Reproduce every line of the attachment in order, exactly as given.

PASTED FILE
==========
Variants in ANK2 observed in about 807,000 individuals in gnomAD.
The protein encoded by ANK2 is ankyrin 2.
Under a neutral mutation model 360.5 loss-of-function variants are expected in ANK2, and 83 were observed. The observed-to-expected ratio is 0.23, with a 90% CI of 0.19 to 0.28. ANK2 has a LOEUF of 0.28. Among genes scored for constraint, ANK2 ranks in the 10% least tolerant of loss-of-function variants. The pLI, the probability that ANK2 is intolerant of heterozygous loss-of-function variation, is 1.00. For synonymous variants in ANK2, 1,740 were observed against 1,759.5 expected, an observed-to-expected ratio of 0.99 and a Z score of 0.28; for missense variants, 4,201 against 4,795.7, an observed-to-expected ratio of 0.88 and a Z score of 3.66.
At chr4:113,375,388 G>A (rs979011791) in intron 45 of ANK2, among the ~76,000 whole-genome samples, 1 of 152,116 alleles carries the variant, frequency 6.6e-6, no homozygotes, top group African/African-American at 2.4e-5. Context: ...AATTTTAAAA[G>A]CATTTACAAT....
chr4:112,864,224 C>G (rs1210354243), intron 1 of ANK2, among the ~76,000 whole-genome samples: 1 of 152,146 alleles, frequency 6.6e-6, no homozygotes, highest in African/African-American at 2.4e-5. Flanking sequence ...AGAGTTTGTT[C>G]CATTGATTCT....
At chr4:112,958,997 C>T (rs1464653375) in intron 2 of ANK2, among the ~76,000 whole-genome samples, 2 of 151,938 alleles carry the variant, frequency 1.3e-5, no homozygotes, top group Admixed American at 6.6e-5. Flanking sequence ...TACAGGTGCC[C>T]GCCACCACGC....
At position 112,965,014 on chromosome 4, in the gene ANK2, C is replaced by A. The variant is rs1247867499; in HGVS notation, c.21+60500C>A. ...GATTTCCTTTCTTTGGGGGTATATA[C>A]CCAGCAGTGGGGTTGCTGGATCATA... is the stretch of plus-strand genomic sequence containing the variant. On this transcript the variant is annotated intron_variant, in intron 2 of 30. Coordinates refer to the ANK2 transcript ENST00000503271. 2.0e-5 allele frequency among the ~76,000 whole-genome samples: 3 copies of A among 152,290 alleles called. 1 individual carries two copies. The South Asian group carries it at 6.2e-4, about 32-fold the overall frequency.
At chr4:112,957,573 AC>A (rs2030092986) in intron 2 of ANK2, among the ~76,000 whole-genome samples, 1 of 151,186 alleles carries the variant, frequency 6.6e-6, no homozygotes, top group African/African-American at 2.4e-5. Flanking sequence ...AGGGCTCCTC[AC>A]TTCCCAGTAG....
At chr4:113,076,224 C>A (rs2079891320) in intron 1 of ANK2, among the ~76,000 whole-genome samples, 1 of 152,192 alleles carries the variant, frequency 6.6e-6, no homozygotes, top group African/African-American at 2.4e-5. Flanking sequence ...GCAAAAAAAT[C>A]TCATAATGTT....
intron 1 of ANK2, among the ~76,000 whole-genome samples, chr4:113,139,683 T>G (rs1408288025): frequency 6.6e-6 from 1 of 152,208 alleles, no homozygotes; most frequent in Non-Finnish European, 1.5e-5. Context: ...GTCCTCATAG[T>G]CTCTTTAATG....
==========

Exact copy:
Variants in ANK2 observed in about 807,000 individuals in gnomAD.
The protein encoded by ANK2 is ankyrin 2.
Under a neutral mutation model 360.5 loss-of-function variants are expected in ANK2, and 83 were observed. The observed-to-expected ratio is 0.23, with a 90% CI of 0.19 to 0.28. ANK2 has a LOEUF of 0.28. Among genes scored for constraint, ANK2 ranks in the 10% least tolerant of loss-of-function variants. The pLI, the probability that ANK2 is intolerant of heterozygous loss-of-function variation, is 1.00. For synonymous variants in ANK2, 1,740 were observed against 1,759.5 expected, an observed-to-expected ratio of 0.99 and a Z score of 0.28; for missense variants, 4,201 against 4,795.7, an observed-to-expected ratio of 0.88 and a Z score of 3.66.
At chr4:113,375,388 G>A (rs979011791) in intron 45 of ANK2, among the ~76,000 whole-genome samples, 1 of 152,116 alleles carries the variant, frequency 6.6e-6, no homozygotes, top group African/African-American at 2.4e-5. Context: ...AATTTTAAAA[G>A]CATTTACAAT....
chr4:112,864,224 C>G (rs1210354243), intron 1 of ANK2, among the ~76,000 whole-genome samples: 1 of 152,146 alleles, frequency 6.6e-6, no homozygotes, highest in African/African-American at 2.4e-5. Flanking sequence ...AGAGTTTGTT[C>G]CATTGATTCT....
At chr4:112,958,997 C>T (rs1464653375) in intron 2 of ANK2, among the ~76,000 whole-genome samples, 2 of 151,938 alleles carry the variant, frequency 1.3e-5, no homozygotes, top group Admixed American at 6.6e-5. Flanking sequence ...TACAGGTGCC[C>T]GCCACCACGC....
At position 112,965,014 on chromosome 4, in the gene ANK2, C is replaced by A. The variant is rs1247867499; in HGVS notation, c.21+60500C>A. ...GATTTCCTTTCTTTGGGGGTATATA[C>A]CCAGCAGTGGGGTTGCTGGATCATA... is the stretch of plus-strand genomic sequence containing the variant. On this transcript the variant is annotated intron_variant, in intron 2 of 30. Coordinates refer to the ANK2 transcript ENST00000503271. 2.0e-5 allele frequency among the ~76,000 whole-genome samples: 3 copies of A among 152,290 alleles called. 1 individual carries two copies. The South Asian group carries it at 6.2e-4, about 32-fold the overall frequency.
At chr4:112,957,573 AC>A (rs2030092986) in intron 2 of ANK2, among the ~76,000 whole-genome samples, 1 of 151,186 alleles carries the variant, frequency 6.6e-6, no homozygotes, top group African/African-American at 2.4e-5. Flanking sequence ...AGGGCTCCTC[AC>A]TTCCCAGTAG....
At chr4:113,076,224 C>A (rs2079891320) in intron 1 of ANK2, among the ~76,000 whole-genome samples, 1 of 152,192 alleles carries the variant, frequency 6.6e-6, no homozygotes, top group African/African-American at 2.4e-5. Flanking sequence ...GCAAAAAAAT[C>A]TCATAATGTT....
intron 1 of ANK2, among the ~76,000 whole-genome samples, chr4:113,139,683 T>G (rs1408288025): frequency 6.6e-6 from 1 of 152,208 alleles, no homozygotes; most frequent in Non-Finnish European, 1.5e-5. Context: ...GTCCTCATAG[T>G]CTCTTTAATG....